Among 1044 patients fulfilling the inclusion criteria, we excluded 207 neonates < 15 days, 17 patients from whom we could not obtain blood for testing and 89 patients lacking a result for PCR, resulting in a study population of 731 (Fig. 1). 58% (421/731) were males. Median age was 13 years, range 16 days–95 years. 50% were admitted to the Department of Paediatrics (n = 362, age range 16 days–14 years) and 50% to the Department of Internal Medicine (n = 369, age range 13–95 years).

Fig. 1
figure 1

Patients included and analyses performed

Fig. 2
figure 2

An overview and results from the analyses performed by PCR, RDT and routine microscopy. The numbers in the circles refer to malaria positive results performed by each method. The numbers of malaria negatives are given in the bottom of the squares. Except for the malaria prevalence, all numbers are given for the performance of each method independently of false positives/negatives by the gold standard method PCR

Malaria prevalence defined by positive PCR was 9% (63/731) (Fig. 2). The median parasitaemia was 5 × 104 copies/µL blood (interquartile range [IQR] 4 × 103 to 4 × 105). All positive cases had P. falciparum infection, except for one, who had P. ovale identified by sequencing (parasitaemia 1.1 × 105 copies/µL blood, negative RDT, positive microscopy). Malaria RDT was performed in 631 patients, of whom 8% (50/631) had positive test results. Compared to PCR, the RDT had a sensitivity of 64% (36/56), a specificity of 98% (561/575), a positive predictive value (PPV) of 72% (36/50) and a negative predictive value (NPV) of 97% (561/581) (Table 1). Malaria microscopy was performed for 40% (290/731) of whom 7% (21/290) had positive results. Compared to PCR, microscopy had a sensitivity of 50% (18/36), a specificity of 99% (251/254), a PPV of 86% (18/21) and a NPV of 93% (251/269).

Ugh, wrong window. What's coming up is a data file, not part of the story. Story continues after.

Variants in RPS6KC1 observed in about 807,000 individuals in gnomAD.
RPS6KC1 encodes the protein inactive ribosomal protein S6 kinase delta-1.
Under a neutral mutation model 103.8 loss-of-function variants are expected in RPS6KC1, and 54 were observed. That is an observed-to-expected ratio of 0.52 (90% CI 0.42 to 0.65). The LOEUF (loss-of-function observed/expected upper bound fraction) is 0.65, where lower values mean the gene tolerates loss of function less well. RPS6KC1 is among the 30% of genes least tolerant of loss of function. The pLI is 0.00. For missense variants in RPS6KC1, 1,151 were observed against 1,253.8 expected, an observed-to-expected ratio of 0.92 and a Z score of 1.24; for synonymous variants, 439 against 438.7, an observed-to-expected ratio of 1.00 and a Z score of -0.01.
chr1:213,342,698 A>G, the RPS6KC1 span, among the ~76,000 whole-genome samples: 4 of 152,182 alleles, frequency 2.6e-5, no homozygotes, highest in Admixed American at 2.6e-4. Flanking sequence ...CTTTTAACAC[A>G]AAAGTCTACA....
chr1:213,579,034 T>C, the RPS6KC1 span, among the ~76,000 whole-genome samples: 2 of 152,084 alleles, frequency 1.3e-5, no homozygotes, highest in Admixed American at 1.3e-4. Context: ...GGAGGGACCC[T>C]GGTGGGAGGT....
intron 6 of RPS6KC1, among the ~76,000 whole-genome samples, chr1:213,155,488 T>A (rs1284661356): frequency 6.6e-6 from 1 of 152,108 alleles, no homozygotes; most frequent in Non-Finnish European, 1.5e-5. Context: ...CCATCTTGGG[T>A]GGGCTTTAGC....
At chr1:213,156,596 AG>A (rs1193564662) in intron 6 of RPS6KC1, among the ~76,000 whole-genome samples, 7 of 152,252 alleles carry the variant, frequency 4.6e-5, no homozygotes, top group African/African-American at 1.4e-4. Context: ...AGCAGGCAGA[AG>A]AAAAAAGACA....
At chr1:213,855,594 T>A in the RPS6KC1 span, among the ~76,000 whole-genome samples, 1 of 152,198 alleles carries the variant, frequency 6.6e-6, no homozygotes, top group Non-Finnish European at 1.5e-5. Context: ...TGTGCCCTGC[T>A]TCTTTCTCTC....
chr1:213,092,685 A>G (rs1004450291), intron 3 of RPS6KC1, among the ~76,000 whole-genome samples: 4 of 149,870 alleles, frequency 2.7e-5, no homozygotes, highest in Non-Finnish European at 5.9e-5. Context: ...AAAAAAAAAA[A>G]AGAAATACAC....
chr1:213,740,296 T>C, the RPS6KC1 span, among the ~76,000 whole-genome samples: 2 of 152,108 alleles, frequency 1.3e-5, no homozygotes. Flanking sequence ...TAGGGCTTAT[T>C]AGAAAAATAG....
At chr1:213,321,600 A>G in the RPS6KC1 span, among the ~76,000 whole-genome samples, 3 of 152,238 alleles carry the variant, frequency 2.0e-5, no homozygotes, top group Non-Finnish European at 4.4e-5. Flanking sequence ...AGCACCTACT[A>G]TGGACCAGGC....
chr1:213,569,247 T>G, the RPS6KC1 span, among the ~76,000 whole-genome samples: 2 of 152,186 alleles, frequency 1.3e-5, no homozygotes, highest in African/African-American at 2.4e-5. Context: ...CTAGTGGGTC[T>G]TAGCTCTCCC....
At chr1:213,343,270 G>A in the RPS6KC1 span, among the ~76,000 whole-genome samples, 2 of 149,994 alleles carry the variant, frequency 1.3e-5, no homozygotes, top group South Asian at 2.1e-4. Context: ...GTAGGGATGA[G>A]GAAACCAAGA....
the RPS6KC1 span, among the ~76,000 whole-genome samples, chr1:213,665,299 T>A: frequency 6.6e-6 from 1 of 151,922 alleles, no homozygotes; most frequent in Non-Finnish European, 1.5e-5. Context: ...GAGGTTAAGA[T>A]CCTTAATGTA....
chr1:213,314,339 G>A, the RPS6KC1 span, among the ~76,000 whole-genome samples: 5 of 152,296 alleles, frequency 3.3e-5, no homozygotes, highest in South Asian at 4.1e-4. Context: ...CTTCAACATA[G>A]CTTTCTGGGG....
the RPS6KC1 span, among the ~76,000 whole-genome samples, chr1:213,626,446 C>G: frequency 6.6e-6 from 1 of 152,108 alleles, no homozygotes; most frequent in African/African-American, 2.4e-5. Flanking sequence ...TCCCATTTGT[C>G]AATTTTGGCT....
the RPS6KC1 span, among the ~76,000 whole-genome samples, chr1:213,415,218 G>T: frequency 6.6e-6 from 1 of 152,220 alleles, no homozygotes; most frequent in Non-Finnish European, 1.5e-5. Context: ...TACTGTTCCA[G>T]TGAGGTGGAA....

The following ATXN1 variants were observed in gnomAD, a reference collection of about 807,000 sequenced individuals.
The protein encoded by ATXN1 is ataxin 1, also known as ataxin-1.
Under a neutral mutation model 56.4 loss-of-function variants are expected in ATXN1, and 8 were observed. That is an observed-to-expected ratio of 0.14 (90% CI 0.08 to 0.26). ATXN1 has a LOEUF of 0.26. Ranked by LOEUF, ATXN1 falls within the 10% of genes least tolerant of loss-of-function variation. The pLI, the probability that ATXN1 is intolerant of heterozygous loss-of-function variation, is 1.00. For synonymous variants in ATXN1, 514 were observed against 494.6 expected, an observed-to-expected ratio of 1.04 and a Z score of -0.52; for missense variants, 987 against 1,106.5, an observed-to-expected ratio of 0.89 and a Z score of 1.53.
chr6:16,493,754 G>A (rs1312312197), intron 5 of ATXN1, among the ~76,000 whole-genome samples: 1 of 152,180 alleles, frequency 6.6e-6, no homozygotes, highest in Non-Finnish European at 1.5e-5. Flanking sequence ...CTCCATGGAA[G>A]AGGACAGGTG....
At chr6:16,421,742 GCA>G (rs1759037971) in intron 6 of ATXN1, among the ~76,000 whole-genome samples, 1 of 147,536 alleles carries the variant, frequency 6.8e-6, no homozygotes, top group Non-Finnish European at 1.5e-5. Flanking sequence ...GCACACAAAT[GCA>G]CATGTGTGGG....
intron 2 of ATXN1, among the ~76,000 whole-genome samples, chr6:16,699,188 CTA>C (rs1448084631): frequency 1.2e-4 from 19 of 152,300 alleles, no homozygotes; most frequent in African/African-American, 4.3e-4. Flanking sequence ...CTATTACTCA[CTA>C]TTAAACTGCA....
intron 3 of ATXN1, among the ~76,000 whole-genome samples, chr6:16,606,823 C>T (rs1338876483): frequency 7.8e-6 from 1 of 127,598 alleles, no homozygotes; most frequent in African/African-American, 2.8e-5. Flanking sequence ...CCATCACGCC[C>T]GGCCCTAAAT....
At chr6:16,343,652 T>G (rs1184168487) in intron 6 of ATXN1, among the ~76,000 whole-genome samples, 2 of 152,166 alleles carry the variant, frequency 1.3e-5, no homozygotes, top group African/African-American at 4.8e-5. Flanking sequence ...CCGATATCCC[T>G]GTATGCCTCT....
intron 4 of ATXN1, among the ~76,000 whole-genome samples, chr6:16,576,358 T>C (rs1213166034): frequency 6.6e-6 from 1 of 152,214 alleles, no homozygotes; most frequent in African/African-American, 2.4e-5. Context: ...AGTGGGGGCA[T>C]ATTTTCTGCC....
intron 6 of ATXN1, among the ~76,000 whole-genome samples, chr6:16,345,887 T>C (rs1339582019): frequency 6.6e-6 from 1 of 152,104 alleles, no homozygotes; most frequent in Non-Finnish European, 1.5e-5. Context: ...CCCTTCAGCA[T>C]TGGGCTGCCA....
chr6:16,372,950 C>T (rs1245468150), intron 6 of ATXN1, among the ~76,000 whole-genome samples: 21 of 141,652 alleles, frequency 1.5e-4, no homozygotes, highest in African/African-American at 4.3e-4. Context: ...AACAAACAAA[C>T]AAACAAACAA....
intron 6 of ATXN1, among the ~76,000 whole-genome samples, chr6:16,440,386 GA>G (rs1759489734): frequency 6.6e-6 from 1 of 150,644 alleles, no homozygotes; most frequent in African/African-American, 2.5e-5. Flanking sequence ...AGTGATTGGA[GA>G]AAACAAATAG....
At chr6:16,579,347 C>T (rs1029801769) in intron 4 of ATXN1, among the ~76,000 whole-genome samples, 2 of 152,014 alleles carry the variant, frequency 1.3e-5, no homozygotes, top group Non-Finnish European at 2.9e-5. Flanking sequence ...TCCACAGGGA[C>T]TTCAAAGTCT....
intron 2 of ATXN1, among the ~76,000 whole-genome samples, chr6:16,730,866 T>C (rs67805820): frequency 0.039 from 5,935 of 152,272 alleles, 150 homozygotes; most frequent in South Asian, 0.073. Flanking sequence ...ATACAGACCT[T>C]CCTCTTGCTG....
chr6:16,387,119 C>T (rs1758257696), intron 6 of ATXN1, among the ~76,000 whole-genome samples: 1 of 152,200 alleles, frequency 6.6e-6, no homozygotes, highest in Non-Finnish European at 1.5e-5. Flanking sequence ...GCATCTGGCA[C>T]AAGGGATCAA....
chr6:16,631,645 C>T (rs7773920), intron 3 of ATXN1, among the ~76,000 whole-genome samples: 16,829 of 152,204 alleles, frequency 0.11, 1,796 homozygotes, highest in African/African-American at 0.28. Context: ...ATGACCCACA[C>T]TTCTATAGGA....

Table 1 Performance of RDT and microscopy compared to PCR among patients hospitalized with fever in Zanzibar (total n = 820)

Malaria patients with false negative microscopy results had significantly lower parasitaemia (median 9 × 103 copies/µL, IQR 8 × 102 – 7 × 104) than the true positive ones (microscopy and PCR positive, median 2 × 105 copies/µL, IQR 6 × 104 – 5 × 105, p = 0.006). Similarly, patients with false negative RDT had significantly lower parasitaemia (median 7 × 103 copies/µL, IQR 2 × 103 – 8 × 104) than the true positive ones (median 2 × 105 copies/µL, IQR 3 × 104 – 5 × 105, p = 0.002 (Fig. 3).

Malaria prevalence was 10% (41/421) in males and 7% (22/310) in females, however, this difference was not statistically significant (OR 1.4, CI 0.8–2.4, p= 0.3). The prevalence of malaria among children under 5 years old (5%, 14/260) was significantly lower compared to children aged 5 to 15 years (15%, 20/131, p = 0.001) and young adults aged 16 to 30 years (13%, 15/119, p = 0.02), but not different from that in people over 30 years old (6%, 14/217, p = 0.7, Fig. 4). However, the level of parasitaemia was not significantly different across the age groups (Table 2).

Fig. 3
figure 3

Malaria parasitaemia by age group (years) and result of microscopy and malaria rapid diagnostic test (RDT). Quantitation of parasitaemia by real-time PCR by diagnostic modalities expressed as log-transformed values of copies per µL blood. Unit of measurement for parasitaemia by PCR is described in the section PCR methods. Dots represent individual observations. Number tested in brackets. * Kruskal Wallis test † Wilcoxon rank sum test

Fig. 4
figure 4

Malaria cases by age groups. Number of malaria patients (blue bars) among febrile patients (grey bars) and percentage positive (line) in different age groups

Table 2 Comparison of malaria prevalence and parasitaemia by age groups

Travel history was recorded for 33% (243/731). Malaria patients were more likely to have travelled to mainland Tanzania within the past six months (47%, 9/19), than those testing negative (6%, 13/224, OR 32, CI 5–42, p < 0.0001). Ten of the 19 malaria patients with known travel history had not visited the mainland, four of these had negative RDT. However, all ten cases of presumed autochthonous malaria were positive on PCR with a median parasitaemia of 5.0 × 104 copies/µL blood (IQR 1 × 102 – 2 × 105). Monthly variations in malaria prevalence are shown in Fig. 5. An increase of malaria cases was observed at the end and shortly after the rainy season.

Fig. 5
figure 5

Monthly number of malaria cases and monthly rainfall from February 2015 to October 2016. Rainfall data for Dar es Salaam from the Tanzanian Meteorological Agency (TMA) [35, 36]. Study start March 17, 2015, study end October 4, 2016